I always wanted to be in television, but I never thought I was pretty enough to be on TV. It’s interesting that seeing the good in others has been my key message. It is very rewarding to me to make a difference in others by helping them find what is special about themselves.

As an adjunct professor at Temple University, I emotionally supported many students throughout my 14 years there. I noticed a trend that students needed to learn more than just their required academic courses — they needed to learn about life and most importantly how to believe in themselves.

With the support of Betsy Leebron, Senior Vice Provost for Strategic Communications and Paul Gluck, General Manager of TUTV, I gave birth to my show — Bouncing Back!

Can you tell us the most interesting story that happened to you since you began your career?

There are so many stories about people reaching out to me and expressing themselves. For example, I was on Twitter one night and my show was fairly new, and I had a topic about second chances. The guests were two former prisoners. Someone sent me a Tweet and thanked me for that particular show because they were recently released and need a reminder that there is truly life after prison.

Can you share a story about the funniest mistake you made when you were first starting? Can you tell us what lesson you learned from that?

I made many mistakes when I first started my show. Now, remember, I did not take any classes on how to write a script or read from the prompter. I am self-taught. I quickly learned that every facial expression and hand movement is magnified on television.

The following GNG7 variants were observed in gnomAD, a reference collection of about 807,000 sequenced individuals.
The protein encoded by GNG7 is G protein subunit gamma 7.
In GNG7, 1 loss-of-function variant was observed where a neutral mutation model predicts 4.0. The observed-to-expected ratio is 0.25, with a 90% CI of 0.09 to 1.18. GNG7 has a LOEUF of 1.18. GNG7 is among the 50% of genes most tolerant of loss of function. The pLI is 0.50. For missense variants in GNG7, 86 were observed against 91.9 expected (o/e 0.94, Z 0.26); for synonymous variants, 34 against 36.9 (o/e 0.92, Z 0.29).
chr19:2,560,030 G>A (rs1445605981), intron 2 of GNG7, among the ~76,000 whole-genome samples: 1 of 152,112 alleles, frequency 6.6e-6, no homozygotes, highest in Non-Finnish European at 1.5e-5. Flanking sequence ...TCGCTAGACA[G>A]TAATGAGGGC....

I remember one time reading from the prompter and going so fast that I could not keep up. I literally took a deep breath, turned to the guest and said, wow you have a long introduction, I meant to say impressive.

What are some of the most interesting or exciting projects you are working on now?

I am the TV Host of my own show now called “Your Best Life”, formerly known as Bouncing Back,on Temple TV, TUTV, now in its 7th season and a contributor on the subject of Morning Motivation for PHL17’s Morning News.

We are very interested in diversity in the entertainment industry. Can you share three reasons with our readers about why you think it’s important to have diversity represented in film and television? How can that potentially affect our culture?

  1. Positive Impact: It has a positive impact on younger generations of minority children, as well as young girls who are told that they aren’t good enough to fulfill their dreams.
  2. Confidence: Diversity is important because it can increase the confidence in adults and the older generation who never had the true representation in the film industry that was deserved as children.
  3. Acceptance: Increasing the diversity in the film industry, by supplying more independent women, LGBTQ roles, and people of color in primary roles along with the proper representation of mental illnesses in the film industry can help increase acceptance and reduce the stigma surrounding many tough topics.

What are your “5 things I wish someone told me when I first started” and why. Please share a story or example for each.

  1. Value Money — I wish someone would have told me how important it is to learn how to manage money. Having money in the bank for emergencies is really important and it helps you sleep better at night.